Can I promote my products or services in a contributed article?
Contributed articles are thought leadership pieces of content that are meant to be vendor neutral, so authors are not supposed to include anything self-serving in their copy. So, if you are selling red paint, you should not write a piece on why your red paint is the best in town. Whether you should also be category-neutral and can’t write a piece on why red paint is preferable over blue paint, is a question that will receive different answers from different editors. A look at the editorial guidelines and previous contributed articles will help you discover what is and what is not accepted.
Can I have a ghostwriter write my contributed article?
Many companies have either in-house PR staff or an outside agency write the contributed articles that are then submitted on behalf of their leadership. There is nothing impractical or unethical about this approach. Of course, certain criteria will have to be met for the output to be of sufficient high quality. You will need a ghostwriter who has sufficient experience with the subject matter. This writer will have to be briefed sufficiently on the narrative of the piece at hand (key argumentation and proof points) and will also have to have made him- or herself familiar with the style of the executive for which the piece is being ghostwritten.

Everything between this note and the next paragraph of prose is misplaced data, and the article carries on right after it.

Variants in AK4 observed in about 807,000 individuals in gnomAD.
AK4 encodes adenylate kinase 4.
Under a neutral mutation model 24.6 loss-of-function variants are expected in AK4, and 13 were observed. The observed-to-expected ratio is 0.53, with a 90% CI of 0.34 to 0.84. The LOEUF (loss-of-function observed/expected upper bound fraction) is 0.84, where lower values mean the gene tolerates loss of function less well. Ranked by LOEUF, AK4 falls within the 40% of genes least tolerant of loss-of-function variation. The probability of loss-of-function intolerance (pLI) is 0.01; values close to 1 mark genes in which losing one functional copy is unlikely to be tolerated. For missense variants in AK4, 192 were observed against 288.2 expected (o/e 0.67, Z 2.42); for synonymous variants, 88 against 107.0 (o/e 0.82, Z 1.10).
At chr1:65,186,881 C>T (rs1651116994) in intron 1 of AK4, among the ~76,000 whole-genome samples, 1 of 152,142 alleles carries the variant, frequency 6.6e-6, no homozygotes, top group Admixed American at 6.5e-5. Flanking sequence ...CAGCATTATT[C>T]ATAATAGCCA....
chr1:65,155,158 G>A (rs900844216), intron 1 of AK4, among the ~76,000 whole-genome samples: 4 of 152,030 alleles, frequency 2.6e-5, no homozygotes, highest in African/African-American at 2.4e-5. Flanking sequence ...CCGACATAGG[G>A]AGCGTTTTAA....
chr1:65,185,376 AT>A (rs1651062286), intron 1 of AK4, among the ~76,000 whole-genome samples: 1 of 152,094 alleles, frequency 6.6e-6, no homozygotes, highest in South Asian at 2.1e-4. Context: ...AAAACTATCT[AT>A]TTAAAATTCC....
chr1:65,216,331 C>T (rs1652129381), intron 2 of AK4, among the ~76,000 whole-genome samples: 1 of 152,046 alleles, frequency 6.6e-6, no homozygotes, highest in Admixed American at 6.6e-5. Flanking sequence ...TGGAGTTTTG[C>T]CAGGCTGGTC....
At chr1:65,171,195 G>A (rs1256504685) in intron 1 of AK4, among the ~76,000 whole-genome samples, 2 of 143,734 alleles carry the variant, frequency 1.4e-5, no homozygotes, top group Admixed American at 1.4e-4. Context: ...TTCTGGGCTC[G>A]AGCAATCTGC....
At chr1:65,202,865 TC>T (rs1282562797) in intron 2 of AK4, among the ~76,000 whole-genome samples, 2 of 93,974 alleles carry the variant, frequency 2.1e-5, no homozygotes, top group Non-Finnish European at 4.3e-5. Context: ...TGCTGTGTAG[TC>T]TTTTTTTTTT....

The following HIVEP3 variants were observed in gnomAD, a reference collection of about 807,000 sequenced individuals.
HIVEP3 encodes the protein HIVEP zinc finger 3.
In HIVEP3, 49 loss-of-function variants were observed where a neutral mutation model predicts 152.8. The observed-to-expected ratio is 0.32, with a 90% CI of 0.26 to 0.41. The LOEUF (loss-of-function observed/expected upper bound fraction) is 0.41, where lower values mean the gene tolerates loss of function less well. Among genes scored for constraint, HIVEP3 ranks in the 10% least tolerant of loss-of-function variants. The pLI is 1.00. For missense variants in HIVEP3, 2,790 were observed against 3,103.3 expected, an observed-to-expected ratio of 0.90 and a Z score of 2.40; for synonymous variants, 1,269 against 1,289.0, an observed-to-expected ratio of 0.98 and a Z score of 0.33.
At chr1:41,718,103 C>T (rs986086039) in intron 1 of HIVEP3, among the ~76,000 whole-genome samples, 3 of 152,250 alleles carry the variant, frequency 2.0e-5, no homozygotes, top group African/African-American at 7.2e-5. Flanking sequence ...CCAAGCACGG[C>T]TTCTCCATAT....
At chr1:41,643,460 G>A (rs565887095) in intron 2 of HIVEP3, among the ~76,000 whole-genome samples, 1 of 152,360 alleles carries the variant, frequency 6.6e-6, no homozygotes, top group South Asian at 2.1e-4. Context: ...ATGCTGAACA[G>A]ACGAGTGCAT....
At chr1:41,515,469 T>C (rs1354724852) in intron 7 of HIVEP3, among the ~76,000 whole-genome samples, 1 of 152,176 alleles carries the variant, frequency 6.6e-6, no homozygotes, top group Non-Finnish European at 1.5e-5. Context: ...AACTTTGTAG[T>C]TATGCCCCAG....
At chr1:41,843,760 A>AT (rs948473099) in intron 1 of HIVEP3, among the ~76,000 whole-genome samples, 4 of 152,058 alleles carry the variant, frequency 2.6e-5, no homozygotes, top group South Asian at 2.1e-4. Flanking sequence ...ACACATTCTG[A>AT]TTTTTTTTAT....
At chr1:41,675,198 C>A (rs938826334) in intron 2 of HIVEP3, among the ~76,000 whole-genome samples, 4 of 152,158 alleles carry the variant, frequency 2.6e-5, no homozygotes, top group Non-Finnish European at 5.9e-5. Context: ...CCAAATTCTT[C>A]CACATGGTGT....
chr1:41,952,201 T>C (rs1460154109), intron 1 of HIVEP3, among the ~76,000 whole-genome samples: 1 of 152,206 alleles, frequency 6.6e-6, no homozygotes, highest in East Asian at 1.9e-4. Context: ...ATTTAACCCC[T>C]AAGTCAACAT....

The choice on whose name should be put under a ghostwritten contributed article, is one that needs to be in sync with the overall choices that have been made on the casting of the company’s spokespeople. CEOs should probably not put their name under pieces that address less than strategic concerns and product managers should not write about the state of the industry. Also, take care to not overuse the CEO – he or she is best used for pieces that are premium, so even when talking about more strategic issues in a contributed article for a tier 2 outlet, it can make sense to have not the CEO, but for example the director of marketing sign the piece.
Do tech media charge for contributed articles?
Submitting a contributed is almost always completely free of charge . Some outlets, such as Forbes (through its Councils) and Entrepreneur (which recently launched its Entrepreneur Leadership Network) have paid programs. The value of these programs is hotly debated among PR consultants; I consider them to be worth the expense at their current price points (I will come back to this in a later article).
What quality criteria should my contributed articles adhere to?